Force majeure necessarily includes two important conditions: (1) the event cannot be prevented; and (2) the use of proper care. To examine whether these conditions existed at the time of breach, the breaching party needs to assemble information, evidence, and witnesses to confirm that he had professionally-appropriate mitigation plans in place before, during, and after the flood arrived. If he can establish that he had appropriate plans in place and that he implemented those plans, he can reasonably argue that the speed and size of the flood could not have been anticipated and was overwhelming even in the face of such measures.

Once a particular flood situation is proven to be force majeure, the breaching party still needs to prove that the flood prevented him for performing the contractual obligation. Inconvenience is probably not an excuse. For example, if flooding prevented a supplier from delivering parts to a manufacturer, the supplier might be forgiven on grounds of force majeure, but it is unlikely the manufacturer will be released from its downstream obligations unless the manufacturer tried without success to obtain the same inputs elsewhere. While the Thailand flooding has affected supply chains worldwide, it is unlikely that all parties in the supply chains will be able to blame the floods in Thailand if there was any reasonable means available to mitigate the disruption.

Thai Court Interpretations Regarding Floods

The Thai courts do not agree that every flood is considered an event of force majeure. In Supreme Court Case 1194/2531, a contractor sued an owner to recover the late fees that the owner withheld due to the contractor’s failure to complete a pipeline project on time. The contractor argued that one delay occurred because heavy rains caused damage to a bridge en route to the construction site, interrupting the delivery of machinery and materials. The contractor argued that another delay occurred when rains made the river level too high to complete construction.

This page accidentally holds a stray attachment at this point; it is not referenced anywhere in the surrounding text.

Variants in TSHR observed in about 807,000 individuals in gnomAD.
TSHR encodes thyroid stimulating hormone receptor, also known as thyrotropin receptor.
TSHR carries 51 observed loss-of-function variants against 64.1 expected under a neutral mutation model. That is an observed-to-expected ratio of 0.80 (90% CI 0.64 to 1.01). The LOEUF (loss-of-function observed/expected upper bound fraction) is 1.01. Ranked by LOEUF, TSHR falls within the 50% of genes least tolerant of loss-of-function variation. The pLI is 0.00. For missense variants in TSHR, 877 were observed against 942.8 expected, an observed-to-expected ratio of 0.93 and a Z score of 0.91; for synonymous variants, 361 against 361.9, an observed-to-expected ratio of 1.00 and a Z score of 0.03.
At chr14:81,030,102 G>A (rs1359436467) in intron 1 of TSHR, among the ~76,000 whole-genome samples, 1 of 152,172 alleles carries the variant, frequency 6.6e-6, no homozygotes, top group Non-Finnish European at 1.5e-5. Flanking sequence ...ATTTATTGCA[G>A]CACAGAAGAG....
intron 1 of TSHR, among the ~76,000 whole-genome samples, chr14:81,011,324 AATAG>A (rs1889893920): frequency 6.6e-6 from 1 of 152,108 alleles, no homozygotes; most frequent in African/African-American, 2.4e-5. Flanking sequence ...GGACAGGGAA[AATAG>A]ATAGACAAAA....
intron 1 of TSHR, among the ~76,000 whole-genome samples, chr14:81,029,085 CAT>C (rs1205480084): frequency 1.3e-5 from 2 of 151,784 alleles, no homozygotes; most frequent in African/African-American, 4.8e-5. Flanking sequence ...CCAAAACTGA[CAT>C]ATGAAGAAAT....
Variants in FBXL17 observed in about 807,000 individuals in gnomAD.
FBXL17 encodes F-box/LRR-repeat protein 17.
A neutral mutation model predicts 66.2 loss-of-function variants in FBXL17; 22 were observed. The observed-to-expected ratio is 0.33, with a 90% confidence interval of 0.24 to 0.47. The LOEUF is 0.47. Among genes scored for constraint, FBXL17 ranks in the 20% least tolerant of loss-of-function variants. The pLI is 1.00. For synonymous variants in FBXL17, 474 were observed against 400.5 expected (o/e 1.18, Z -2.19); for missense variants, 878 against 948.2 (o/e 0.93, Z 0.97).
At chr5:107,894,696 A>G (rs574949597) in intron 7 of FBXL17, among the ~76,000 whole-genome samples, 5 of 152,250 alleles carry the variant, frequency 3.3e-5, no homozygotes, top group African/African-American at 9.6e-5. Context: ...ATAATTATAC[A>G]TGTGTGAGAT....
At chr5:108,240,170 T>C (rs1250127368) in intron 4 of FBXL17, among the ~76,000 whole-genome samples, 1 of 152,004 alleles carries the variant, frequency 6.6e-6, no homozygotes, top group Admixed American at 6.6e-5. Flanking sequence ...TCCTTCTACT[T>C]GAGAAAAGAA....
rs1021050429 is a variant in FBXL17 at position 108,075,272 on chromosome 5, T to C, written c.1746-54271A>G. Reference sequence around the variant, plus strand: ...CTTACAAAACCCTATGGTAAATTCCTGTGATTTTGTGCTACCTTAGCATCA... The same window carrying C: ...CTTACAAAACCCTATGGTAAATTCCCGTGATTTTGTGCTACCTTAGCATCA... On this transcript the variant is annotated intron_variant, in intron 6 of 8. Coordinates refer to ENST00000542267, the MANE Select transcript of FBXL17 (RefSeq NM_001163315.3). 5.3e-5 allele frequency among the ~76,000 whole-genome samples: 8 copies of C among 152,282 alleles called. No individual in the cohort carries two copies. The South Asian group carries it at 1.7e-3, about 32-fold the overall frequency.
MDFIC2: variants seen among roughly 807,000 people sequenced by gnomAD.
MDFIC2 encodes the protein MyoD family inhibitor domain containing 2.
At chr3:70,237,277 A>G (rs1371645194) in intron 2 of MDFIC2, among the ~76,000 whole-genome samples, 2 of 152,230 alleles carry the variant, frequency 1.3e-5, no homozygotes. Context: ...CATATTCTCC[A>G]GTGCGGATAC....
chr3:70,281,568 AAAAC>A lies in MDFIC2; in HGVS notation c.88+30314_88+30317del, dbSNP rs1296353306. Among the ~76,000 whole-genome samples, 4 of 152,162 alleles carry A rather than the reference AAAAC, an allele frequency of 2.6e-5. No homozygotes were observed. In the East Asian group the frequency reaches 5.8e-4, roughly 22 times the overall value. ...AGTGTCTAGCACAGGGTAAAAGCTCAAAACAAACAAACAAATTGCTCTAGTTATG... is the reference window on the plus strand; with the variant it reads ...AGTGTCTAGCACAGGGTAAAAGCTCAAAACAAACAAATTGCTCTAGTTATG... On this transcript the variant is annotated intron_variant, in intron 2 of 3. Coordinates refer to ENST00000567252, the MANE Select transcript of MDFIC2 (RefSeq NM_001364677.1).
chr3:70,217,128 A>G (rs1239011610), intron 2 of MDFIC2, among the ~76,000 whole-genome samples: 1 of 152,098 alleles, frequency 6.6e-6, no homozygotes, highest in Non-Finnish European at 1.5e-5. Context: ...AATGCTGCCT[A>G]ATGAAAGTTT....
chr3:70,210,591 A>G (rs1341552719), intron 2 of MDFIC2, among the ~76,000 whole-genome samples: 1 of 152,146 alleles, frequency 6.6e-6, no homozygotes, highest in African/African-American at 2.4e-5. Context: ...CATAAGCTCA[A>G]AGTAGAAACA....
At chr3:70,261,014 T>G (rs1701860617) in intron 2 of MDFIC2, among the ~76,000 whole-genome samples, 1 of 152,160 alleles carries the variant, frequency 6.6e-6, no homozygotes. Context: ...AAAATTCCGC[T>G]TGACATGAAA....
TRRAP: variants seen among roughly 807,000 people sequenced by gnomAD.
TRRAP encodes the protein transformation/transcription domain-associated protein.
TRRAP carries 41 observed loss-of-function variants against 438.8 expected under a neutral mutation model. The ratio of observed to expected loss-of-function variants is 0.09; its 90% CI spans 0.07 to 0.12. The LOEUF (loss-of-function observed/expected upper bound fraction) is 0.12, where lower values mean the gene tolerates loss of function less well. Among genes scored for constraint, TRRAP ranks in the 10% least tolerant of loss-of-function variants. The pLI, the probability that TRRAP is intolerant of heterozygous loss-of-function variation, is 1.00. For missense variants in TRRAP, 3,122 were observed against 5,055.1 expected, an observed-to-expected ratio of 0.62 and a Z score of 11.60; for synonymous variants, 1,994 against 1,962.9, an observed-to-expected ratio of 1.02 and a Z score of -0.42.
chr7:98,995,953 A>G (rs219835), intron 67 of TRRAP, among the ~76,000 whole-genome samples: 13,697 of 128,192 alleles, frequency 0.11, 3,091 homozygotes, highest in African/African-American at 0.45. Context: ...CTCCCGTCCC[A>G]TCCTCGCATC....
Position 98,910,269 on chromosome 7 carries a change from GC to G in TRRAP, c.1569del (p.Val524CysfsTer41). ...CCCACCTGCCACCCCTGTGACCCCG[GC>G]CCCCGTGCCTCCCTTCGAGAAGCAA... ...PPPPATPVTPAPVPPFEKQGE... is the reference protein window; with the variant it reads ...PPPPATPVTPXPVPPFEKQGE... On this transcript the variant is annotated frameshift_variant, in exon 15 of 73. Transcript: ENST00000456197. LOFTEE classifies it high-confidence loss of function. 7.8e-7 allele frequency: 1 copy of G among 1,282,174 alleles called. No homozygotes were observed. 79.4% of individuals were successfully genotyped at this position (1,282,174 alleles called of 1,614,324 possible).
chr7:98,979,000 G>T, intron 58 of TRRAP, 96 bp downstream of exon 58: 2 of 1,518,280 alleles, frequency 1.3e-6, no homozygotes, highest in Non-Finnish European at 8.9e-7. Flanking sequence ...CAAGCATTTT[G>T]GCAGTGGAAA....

The Court agreed that the bridge incident was an event of force majeure because it could not be reasonably anticipated and prevented. But the Court did not agree that high water level during the rainy season constituted force majeure, because one should anticipate that water levels will rise dramatically during the rainy season. The Court dismissed the contractor’s claim.

In Supreme Court Case 2377/2542, an insurance company sued a warehouse for damages caused to cargo that the insurer’s customer was storing in the warehouse at the Bangkok port. A heavy rain caused flooding at the warehouse and flood damage to the cargo inside. The Court ruled that the flood was not an event of force majeure, because the warehouse was engaged in a professional service and bore a warehouseman’s duty to provide facilities that keep its customers’ cargo in good condition. The defendant should have designed and constructed safeguards against this particular type and magnitude of flooding at its facility, and the Court ordered the warehouse to pay for the flood damage to the cargo.

When contracts do not include a force majeure clause, a party arguing that the recent Thailand flooding is an event of force majeure will bear the burden of proving that he took preventive measures at an appropriate level considering the person’s profession, and in spite of these measures the floods were too sudden and extreme to be prevented. That party will need to establish that it planned and implemented preventive measures before and during the flooding, plus mitigation efforts after the flooding. All of these issues will be considered when determining whether a party is relieved of liability due the recent Thailand floods or other catastrophes that arguably amount to force majeure.